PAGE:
Clippers staying in Nanaimo as a society, call for further help made

By Ian Holmes
April 3, 2017 - 11:59am Updated: April 3, 2017 - 2:15pm

L-R - Mike Vandekamp, David LeNeveu, Andrea Trepanier Ian Holmes/NanaimoNewsNOW

NANAIMO — The Nanaimo Clippers will be staying put, but more local support is needed to ensure the BCHL club remains in the harbour city long-term.

Clippers president and governor David LeNeveu announced at a Monday morning news conference the Nanaimo Clippers Hockey Society has been formed, following the buyout of a portion of a five-member out-of-town ownership group.

LeNeveu said a group of people have contributed at least $50,000 each towards the buyout and operations for the 2017-18 season. He would not reveal who those people are, only saying it's under 10 individuals.

He told NanaimoNewsNOW further significant donations are required to provide stability moving ahead.

“I'm looking to get between 10-15 people on board here locally to make sizable contributions to help the operation of this club moving forward, and then once the society is up and running successfully all of those contributions will be purchased back by the society.”

LeNeveu said the organization will transition to a non-profit society model over the next year and a board of directors will be established.

The upbeat news conference was in stark contrast to a sombre gathering March 16 where majority owner Ken Wagner announced he would likely relocate the team to another Vancouver Island city if local ownership could not be secured.

LeNeveu said he believes a society model is the right approach to take. He noted several groups have owned and sold the Clippers over the years and the private sector doesn't want to continue writing cheques to continue operating the team.

As for long-term sustainability and how a community owned club is a more sustainable option, LeNeveu said a “born in Nanaimo” strategy will gather momentum over time and serve as a local rallying point.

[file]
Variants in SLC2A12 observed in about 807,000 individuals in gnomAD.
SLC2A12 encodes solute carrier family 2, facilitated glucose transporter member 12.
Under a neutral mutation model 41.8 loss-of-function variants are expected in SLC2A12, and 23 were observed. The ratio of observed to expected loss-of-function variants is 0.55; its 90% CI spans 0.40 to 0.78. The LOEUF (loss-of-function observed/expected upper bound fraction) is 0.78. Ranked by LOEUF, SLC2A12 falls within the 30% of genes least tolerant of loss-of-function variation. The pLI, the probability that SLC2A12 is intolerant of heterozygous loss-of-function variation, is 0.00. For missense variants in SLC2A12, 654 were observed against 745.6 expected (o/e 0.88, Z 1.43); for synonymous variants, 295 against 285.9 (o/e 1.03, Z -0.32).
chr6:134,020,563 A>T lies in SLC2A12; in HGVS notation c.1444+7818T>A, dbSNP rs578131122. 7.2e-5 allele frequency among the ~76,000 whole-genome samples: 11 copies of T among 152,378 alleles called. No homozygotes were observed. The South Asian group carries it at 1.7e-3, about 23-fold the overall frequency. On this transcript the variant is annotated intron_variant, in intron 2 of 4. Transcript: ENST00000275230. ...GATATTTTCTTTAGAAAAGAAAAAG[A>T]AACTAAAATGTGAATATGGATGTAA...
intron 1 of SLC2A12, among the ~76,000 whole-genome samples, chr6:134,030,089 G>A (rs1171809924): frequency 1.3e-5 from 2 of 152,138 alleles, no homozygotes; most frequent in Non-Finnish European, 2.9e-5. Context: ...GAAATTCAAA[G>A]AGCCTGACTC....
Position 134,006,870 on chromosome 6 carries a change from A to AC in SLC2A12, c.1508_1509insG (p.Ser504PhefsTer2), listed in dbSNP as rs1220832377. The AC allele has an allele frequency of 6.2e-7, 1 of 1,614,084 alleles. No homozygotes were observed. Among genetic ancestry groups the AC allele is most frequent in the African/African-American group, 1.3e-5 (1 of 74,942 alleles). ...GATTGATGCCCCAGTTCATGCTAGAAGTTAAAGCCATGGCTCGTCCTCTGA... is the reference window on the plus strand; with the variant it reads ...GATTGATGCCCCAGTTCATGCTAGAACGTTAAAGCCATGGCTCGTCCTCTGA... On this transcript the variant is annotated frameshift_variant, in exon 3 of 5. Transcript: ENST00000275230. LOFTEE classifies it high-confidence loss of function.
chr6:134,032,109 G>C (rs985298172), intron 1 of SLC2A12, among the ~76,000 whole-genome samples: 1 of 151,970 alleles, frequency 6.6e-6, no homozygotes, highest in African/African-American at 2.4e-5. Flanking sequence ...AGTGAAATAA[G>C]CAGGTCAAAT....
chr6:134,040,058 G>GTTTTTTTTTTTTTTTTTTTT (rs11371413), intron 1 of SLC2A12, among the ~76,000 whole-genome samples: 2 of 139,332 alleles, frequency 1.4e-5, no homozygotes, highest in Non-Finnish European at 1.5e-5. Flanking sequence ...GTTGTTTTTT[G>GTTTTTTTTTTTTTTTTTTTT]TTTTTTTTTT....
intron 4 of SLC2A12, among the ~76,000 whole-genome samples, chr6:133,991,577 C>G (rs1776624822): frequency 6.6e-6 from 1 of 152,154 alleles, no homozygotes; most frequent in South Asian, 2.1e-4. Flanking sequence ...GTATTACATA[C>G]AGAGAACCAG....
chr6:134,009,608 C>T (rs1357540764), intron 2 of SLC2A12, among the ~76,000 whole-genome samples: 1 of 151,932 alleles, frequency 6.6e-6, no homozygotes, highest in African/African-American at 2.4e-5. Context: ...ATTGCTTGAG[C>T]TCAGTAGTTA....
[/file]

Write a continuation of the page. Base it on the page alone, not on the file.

“Having it truly owned by the community and the society I think will have our most support in this rink and the most civic feeling in Nanaimo,” LeNeveu said. “I think that's what's important, that's what we're trying to accomplish.”

LeNeveu is confident a new lease deal with the City of Nanaimo will be struck shortly for the club to operate out of Frank Crane Arena.

Clippers business manager Andrea Trepanier said the team needs to “drastically” improve its dwindling season ticket and corporate sponsorship base. She said the goal is to have 1,200 season ticket holders for next season, noting last year there were just 473.

Trepanier noted their goal is for a 20 per cent jump in corporate sponsorship next season. Trepanier, one of the club's main new investors, said their budget will increase to $980,000 for the upcoming season to support higher staffing levels, including marketing efforts.

Clippers head coach Mike Vandekamp stressed he doesn't think the uncertainty of the Clippers lately will hurt the club's on-ice performance next season.

“We didn't lose anybody (players) over this. It's just been on hold for us the last couple of weeks. We've still been recruiting, we've still been trying to find new players,” Vandekamp said.

 

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